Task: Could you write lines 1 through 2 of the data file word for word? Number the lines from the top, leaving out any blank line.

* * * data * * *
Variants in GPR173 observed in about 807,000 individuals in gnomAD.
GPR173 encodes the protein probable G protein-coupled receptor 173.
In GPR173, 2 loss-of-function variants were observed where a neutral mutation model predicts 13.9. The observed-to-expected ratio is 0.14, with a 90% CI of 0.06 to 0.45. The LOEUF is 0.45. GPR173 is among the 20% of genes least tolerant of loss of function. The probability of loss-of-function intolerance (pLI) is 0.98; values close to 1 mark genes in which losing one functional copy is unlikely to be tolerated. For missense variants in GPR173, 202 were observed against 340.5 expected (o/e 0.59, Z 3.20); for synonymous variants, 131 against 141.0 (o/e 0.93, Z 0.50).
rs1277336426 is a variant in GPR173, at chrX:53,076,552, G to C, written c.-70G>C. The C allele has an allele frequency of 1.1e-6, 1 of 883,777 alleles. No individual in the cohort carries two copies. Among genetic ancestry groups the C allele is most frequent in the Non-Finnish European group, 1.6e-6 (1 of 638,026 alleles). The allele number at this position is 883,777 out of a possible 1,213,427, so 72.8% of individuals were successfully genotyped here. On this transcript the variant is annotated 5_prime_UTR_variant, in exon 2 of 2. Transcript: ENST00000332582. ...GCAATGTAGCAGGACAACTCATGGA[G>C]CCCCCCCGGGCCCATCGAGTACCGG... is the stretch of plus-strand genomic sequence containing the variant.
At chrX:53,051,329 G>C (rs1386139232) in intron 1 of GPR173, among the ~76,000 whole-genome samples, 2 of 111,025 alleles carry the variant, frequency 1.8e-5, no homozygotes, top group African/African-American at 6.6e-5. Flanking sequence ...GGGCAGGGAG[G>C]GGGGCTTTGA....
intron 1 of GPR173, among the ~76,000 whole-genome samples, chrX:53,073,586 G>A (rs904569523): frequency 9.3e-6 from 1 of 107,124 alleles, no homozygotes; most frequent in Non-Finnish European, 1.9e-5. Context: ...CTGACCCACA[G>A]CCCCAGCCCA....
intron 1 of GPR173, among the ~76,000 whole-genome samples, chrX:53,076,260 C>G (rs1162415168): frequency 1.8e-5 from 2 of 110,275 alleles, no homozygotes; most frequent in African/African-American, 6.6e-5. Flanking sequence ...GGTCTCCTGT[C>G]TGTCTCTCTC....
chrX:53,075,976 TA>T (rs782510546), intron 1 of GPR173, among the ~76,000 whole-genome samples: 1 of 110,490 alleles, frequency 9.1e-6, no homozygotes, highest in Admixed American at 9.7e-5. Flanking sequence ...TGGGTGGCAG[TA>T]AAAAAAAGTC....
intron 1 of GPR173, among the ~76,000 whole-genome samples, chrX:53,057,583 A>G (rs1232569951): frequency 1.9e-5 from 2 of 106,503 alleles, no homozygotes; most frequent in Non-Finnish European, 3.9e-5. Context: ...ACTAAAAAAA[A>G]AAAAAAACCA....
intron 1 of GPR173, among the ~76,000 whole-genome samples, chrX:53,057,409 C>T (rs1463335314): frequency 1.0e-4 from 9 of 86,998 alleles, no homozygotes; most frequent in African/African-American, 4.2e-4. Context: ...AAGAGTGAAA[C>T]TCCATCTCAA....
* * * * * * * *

Variants in GPR173 observed in about 807,000 individuals in gnomAD.
GPR173 encodes the protein probable G protein-coupled receptor 173.